Rep. Rob Wittman was among the 197 House Republicans who voted against the impeachment of President Donald Trump Wednesday in the wake of the Jan. 6 pro-Trump riot at the U.S. Capitol that left five dead.
The U.S. House of Representatives voted 232-197 to impeach Trump, with 10 Republicans voting in favor along with all Democrats, including Reps. Gerald Connolly (11th) and Jennifer Wexton (10th), who represent parts of Prince William County.
House Democrats introduced articles of impeachment against Trump for “incitement of insurrection,” alleging that the president encouraged his supporters to attack the U.S. Capitol building.
Trump is the first president in United States history to be impeached twice.
Wittman, who represents Virginia’s 1st District, which also includes parts of Prince William County, said in a statement that his vote does not mean he agreed with Trump’s actions and statements leading up to the storming and illegal entry of the Capitol building.
“I believe impeaching the lame-duck president before the peaceful transition of power occurs will only further inflame emotions and further divide the Nation,” Wittman said. “Our focus now needs to be on unifying our Nation and moving forward as one, and I believe impeachment does the opposite.”
Wittman also affirmed that President-elect Joe Biden would be the next president of the United States. Wittman first acknowledged Biden as president-elect on Thursday, Jan. 7, the day after the attempted riot at the Capitol, according to a spokesman.
Wittman did, however, take part in objecting to the counting of the electoral votes of Pennsylvania on Jan. 6, an action that Trump supporters believed could in part keep Trump in power for another four years. He also signed an amicus brief in support of a Texas lawsuit in December that aimed to derail the presidential election results in four battleground states.
Since the Capitol riot, however, Wittman has denounced the attack on the Capitol, saying that the actions of rioters were “unacceptable, undemocratic, un-American, and criminal.”
“This was a senseless attack perpetrated by misguided individuals who were led to believe that something could have been done that day that would have changed the outcome of the election,” Wittman said in today’s statement.
Virginia’s three other congressional Republicans, Reps. Ben Cline, 6th, Bob Good, 5th, and Morgan Griffith, 9th, also voted against impeaching Trump.
The pro-Trump mob that stormed the Capitol lasleft five people dead, including a Trump supporter and a Capitol police officer, and has so far resulted in more than 100 arrests of people involved in the incident. Over 50 police officers were injured in the attack, some of whom were seriously injured.
Prosecutors are reportedly seeking sedition and conspiracy charges against some of those involved.
Democratic congressional leaders were indignant in the wake of the riot, pushing forward with impeachment proceedings. Wexton said on Wednesday that she planned to vote in favor of impeaching Trump.
“If we are going to heal the deep wounds that exist in our country, we need to tell the truth. That truth is that the President of the United States incited a violent attack on the Legislative Branch of our government and on our democracy. He assembled a mob of terrorists, whipped them into a frenzy, and sicced them on the U.S. Capitol,” Wexton said in a statement.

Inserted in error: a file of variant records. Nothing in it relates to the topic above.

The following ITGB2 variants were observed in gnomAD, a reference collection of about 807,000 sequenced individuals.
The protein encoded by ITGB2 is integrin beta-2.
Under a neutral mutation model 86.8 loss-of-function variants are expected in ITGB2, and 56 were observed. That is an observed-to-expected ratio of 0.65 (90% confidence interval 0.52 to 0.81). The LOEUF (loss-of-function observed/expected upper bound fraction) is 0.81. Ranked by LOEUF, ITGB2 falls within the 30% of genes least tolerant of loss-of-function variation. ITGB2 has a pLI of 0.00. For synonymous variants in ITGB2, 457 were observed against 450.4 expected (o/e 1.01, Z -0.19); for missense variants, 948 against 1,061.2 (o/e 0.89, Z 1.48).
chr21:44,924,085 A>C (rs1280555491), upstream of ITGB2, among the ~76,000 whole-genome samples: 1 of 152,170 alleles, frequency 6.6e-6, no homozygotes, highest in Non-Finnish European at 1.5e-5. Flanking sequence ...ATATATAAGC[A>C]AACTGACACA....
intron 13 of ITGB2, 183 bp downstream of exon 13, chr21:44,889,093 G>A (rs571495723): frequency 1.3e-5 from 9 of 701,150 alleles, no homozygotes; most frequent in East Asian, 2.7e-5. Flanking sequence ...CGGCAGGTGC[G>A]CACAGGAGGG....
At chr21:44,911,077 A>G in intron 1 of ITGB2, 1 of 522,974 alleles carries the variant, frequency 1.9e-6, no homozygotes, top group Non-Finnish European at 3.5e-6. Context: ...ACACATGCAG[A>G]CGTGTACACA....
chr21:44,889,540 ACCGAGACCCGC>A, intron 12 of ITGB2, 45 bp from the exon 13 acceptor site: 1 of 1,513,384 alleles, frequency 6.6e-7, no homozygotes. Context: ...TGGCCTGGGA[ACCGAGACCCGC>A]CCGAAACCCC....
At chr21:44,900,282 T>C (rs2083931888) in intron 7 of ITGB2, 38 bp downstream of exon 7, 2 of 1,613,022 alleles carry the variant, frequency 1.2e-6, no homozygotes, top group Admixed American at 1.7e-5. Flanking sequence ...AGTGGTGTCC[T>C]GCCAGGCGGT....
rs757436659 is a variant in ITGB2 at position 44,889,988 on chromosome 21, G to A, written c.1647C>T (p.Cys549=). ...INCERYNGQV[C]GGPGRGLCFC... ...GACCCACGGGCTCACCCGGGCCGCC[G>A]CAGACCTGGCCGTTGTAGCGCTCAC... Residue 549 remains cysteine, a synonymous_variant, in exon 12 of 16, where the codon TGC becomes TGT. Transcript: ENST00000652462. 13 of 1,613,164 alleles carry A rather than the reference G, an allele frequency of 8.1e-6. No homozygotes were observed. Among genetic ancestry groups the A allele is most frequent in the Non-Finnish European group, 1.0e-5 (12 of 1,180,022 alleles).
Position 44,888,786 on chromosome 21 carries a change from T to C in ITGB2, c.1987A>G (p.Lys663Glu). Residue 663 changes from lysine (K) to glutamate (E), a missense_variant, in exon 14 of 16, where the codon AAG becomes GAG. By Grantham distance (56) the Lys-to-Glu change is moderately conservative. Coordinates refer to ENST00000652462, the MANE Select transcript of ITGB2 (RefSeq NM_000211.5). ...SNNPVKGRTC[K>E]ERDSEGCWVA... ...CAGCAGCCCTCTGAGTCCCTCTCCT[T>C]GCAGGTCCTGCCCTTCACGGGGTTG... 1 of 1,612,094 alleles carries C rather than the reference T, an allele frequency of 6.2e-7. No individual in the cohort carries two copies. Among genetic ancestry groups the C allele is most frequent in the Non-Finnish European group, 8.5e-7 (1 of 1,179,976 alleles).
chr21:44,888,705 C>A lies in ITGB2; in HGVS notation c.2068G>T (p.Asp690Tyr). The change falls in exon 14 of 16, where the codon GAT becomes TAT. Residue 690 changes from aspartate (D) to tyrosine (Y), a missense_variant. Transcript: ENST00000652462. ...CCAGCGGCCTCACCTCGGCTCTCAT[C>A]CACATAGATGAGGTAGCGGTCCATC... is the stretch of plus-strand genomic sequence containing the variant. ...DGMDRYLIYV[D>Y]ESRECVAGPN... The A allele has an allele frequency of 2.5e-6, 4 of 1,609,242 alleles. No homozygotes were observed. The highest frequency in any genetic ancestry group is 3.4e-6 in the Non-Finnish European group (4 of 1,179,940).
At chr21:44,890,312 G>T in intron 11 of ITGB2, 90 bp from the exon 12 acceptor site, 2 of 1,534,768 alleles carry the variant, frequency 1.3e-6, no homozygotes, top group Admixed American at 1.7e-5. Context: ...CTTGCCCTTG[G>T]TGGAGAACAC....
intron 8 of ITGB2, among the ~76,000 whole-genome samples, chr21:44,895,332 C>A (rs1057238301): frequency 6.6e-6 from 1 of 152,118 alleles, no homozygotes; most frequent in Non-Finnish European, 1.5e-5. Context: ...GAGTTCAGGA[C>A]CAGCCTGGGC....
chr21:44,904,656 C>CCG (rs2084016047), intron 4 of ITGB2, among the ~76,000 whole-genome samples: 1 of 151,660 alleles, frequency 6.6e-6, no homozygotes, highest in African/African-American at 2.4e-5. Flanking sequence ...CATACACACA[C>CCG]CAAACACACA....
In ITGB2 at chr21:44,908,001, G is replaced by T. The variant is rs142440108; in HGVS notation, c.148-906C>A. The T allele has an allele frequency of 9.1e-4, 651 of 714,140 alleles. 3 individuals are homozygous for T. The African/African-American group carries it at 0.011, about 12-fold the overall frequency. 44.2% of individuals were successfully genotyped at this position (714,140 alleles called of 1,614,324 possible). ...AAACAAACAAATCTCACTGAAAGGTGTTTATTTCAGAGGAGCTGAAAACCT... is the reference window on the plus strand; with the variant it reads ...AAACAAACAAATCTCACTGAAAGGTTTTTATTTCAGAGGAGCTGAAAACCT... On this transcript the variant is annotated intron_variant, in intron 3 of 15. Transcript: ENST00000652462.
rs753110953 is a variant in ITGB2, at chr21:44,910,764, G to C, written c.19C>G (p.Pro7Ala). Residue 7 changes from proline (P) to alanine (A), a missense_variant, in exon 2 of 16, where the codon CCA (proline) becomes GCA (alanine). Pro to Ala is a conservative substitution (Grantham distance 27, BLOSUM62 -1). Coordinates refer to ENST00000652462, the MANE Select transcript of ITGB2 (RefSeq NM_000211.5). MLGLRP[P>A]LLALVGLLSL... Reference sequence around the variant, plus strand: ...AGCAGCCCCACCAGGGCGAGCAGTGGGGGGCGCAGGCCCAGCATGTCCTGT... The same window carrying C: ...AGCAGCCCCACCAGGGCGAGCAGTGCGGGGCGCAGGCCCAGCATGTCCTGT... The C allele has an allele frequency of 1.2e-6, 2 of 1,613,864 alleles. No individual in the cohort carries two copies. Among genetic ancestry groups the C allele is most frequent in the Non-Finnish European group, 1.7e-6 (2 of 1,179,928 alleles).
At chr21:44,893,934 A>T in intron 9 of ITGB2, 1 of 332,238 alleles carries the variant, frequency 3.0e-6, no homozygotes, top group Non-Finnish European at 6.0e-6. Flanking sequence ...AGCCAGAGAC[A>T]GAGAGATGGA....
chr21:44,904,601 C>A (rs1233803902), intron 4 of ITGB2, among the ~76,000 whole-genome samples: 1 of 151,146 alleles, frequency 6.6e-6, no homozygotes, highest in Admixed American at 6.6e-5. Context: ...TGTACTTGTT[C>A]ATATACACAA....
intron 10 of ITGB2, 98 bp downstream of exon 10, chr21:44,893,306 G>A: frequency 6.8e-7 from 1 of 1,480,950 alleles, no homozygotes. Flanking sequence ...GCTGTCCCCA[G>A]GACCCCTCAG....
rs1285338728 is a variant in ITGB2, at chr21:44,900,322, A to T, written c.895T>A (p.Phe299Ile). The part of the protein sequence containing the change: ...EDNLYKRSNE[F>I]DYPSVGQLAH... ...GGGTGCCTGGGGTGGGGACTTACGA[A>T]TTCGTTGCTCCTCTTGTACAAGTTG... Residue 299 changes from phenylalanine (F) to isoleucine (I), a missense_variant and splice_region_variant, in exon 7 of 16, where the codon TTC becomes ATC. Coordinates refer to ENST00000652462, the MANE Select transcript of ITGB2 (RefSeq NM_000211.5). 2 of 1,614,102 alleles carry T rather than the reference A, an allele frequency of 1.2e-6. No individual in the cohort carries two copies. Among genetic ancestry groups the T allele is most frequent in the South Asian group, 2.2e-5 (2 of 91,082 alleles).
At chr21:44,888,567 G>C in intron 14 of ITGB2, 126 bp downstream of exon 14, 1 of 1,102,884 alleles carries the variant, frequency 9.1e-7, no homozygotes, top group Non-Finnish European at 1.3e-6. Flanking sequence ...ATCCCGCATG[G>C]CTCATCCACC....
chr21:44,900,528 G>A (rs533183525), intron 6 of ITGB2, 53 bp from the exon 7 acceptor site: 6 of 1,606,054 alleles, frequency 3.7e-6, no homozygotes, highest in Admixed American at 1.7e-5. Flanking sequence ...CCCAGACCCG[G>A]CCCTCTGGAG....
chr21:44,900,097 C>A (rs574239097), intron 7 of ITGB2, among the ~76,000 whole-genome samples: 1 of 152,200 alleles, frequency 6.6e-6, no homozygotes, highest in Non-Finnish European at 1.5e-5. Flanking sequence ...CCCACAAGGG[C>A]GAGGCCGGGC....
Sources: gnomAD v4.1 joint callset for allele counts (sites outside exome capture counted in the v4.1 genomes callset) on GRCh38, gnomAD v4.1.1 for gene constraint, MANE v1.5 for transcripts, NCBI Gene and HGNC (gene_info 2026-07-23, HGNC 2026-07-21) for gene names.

Wexton said that Trump’s actions put members of Congress at risk, as well as many Capitol Hill workers who live in the Northern Virginia area. The Capitol police officer who was killed, Brian Sicknick, was a resident of Fairfax County.
“The House of Representatives moved forward with impeachment because not doing so would allow these horrific actions to go unchecked and risk additional violence, destruction, and damage to our republic. The President must be held accountable,” Wexton said. “Only then will our country be able to heal.”
Connolly said Trump “peddled outrageous lies, attacked our democratic institutions, demagogued state election officials, maligned poll workers, and tried to coerce those in power to overturn election results” before ultimately stoking the crowd that stormed the Capitol.
“Members and staff forced to flee and hide from rioters. Windows shattered, doors ripped off their hinges, and messages of hate painted on the walls. Police officers beaten with the American flag, while the Confederate flag was triumphantly marched through the Capitol,” Connolly said.
“There were many bad actors that stormed the Capitol, and sadly, there are some in Congress who helped stoke the flames and spread the lies that gave birth to the insurrection. There will be time to address that, and we must. But today, our judgement must be on the horrific misconduct of President Donald J. Trump.”
Now that the impeachment has been approved by the House of Representatives, it may go to trial in the U.S. Senate. It is still unclear whether that will happen, however as Senate Majority leader Mitch McConnell said on Wednesday that there may not be enough time to hold a trial before Biden’s inauguration.
The Federal Bureau of Investigation is warning of armed protests at the Capitol on Inauguration Day. Thousands of National Guard members are stationed in Washington D.C. in preparation for possible violence.